Leaving voicemail

Be prepared. If you need to leave a complicated message, think it through before you call.

by
Last Updated: 31 Aug 2010

Be prepared. If you need to leave a complicated message, think it through before you call. That way, you won't sound confused and the recipient will understand what you need from them.

From me to you. Identify yourself and the intended recipient. A message for no-one in particular is a message deleted. Use first names if appropriate, but 'Hey there, big guy' is not on – voicemail might be checked by others.

Be concise. State the reason for the call first, then keep to your key points. Your footie team's current prospects can probably wait until Friday night.

Say it clearly.Speak slowly. Repeat your phone number. And spell out your weird surname.

Let your manner fit your message. Always be polite and professional. Remember that you can hear a smile, but don't grin if you're delivering bad news. Laughing as you let your boss down won't help promotion prospects.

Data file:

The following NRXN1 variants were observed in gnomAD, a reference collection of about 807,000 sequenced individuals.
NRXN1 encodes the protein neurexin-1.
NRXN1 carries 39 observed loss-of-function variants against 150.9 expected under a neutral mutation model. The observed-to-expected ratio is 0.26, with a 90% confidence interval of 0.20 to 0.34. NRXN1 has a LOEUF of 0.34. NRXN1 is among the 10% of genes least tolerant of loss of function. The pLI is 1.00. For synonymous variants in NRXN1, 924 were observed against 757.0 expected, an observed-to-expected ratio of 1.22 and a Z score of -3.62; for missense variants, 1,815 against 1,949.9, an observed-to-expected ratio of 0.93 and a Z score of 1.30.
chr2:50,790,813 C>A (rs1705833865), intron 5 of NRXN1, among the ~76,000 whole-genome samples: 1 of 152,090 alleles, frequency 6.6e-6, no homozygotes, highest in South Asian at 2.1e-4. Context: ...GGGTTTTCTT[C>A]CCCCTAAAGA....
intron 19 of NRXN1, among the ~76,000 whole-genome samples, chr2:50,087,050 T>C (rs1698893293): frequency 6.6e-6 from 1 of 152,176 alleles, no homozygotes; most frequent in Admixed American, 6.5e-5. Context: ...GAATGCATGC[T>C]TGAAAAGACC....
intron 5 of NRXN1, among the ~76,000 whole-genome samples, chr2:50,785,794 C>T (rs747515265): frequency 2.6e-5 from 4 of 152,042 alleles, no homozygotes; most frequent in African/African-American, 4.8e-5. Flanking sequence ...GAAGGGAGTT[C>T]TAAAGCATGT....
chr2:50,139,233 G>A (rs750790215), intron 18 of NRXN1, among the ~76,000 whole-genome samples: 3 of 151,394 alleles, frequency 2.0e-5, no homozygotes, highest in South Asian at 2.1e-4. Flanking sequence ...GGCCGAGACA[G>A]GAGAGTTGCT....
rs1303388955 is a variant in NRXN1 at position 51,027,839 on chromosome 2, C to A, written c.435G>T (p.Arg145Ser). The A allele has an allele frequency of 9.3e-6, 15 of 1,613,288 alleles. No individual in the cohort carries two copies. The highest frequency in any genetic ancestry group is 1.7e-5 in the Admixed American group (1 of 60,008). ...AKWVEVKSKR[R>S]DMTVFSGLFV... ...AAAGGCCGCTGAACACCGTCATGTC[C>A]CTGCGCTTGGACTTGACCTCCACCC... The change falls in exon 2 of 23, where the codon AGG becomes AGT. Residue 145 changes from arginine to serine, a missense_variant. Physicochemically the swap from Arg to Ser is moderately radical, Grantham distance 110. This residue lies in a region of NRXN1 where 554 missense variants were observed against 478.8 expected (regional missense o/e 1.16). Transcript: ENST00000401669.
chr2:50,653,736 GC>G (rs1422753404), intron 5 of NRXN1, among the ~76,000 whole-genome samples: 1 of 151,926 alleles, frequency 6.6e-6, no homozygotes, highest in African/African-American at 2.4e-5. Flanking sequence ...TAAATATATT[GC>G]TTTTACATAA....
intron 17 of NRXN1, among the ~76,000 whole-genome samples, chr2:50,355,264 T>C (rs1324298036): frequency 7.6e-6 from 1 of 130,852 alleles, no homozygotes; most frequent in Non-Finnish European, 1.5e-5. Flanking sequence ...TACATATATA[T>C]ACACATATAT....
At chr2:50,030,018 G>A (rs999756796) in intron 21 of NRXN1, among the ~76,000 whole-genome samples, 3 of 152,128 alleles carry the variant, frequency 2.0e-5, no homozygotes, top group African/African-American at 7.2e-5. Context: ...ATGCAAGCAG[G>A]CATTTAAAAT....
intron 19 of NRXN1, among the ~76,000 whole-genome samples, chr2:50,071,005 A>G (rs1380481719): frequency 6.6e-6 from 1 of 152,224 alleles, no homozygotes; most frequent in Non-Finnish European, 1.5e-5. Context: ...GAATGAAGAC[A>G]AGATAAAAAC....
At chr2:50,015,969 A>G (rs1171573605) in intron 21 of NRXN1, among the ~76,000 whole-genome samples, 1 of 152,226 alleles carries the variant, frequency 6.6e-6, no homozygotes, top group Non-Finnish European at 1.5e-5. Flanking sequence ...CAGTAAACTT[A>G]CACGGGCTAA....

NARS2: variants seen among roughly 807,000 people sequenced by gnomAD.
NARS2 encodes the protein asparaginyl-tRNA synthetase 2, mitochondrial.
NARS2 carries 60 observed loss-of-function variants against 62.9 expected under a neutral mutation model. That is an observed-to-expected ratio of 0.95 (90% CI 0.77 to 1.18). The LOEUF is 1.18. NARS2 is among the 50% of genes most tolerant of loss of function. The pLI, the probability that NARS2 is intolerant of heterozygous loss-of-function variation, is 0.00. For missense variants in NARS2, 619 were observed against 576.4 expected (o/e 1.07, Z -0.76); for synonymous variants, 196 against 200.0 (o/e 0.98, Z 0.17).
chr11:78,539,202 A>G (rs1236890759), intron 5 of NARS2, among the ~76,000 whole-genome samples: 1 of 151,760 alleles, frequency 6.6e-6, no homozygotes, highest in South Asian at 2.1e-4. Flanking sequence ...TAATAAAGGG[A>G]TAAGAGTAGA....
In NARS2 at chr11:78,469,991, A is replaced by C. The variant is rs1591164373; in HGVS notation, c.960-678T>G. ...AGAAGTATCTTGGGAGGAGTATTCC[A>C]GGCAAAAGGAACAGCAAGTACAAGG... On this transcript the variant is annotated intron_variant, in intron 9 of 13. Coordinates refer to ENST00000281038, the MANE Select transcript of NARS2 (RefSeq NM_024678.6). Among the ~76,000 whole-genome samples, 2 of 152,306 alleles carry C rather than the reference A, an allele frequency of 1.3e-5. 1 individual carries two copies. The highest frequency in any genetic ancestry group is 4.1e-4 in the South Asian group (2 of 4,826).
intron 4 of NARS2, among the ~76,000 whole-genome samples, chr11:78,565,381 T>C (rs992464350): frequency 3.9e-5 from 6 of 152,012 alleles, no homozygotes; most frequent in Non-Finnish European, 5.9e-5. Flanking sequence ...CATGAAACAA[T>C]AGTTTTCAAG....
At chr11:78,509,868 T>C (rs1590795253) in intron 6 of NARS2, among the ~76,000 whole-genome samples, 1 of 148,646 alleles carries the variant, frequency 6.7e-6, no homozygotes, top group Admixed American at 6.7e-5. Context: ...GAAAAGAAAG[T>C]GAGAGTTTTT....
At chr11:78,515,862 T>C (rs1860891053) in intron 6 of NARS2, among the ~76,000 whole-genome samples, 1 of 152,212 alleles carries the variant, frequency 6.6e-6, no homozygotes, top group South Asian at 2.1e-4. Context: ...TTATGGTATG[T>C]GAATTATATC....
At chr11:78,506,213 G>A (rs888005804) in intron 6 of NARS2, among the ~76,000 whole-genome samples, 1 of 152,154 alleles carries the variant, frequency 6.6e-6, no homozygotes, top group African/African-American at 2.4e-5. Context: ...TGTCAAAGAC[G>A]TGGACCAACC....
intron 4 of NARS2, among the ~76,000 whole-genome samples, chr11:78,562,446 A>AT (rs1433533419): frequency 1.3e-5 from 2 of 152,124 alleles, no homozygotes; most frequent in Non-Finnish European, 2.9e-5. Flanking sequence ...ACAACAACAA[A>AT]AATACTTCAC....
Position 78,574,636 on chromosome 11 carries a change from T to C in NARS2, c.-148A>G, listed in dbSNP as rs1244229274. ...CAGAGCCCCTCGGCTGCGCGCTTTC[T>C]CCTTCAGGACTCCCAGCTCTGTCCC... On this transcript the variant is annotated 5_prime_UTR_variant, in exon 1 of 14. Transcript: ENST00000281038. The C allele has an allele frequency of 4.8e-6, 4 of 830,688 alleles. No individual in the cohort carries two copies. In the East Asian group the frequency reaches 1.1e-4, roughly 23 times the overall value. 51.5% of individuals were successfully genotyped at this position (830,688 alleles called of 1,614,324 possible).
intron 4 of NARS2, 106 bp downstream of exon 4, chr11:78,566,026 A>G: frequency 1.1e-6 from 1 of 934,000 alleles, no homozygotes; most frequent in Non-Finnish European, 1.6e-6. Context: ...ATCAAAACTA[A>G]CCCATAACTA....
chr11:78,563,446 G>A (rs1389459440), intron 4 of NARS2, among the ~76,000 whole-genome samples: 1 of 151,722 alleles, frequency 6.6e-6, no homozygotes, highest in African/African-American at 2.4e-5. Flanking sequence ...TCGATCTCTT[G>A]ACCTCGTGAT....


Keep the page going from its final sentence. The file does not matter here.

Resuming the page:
Location, location, location. It's no use shouting a message over a train station Tannoy, so call from a suitable place. 'The 12.15 to Paddington departs from platform four' generally makes for a confusing message.

Wrap it up. When you've finished, you've finished. Blathering on about the weather, holidays or who you bumped into in the restaurant yesterday is not required. Instead, a simple 'OK, bye' implies that you're busy and that you mean business.

Find this article useful?

Get more great articles like this in your inbox every lunchtime

Efficient chickens, less stuff, more optimism: The real way to address climate change ...

What is dematerialisation, and why does it matter?

The 5 behaviours of charismatic leaders

How to become more inspirational (without having a personality transplant).

When should you step down as CEO?

Bob Iger's departure poses an unpopular question for bosses.

The death and resurrection of the premium customer

Top-end service is no longer at the discretion of the management.

What HS2 can teach you about project failure

And how you can prevent projects going astray.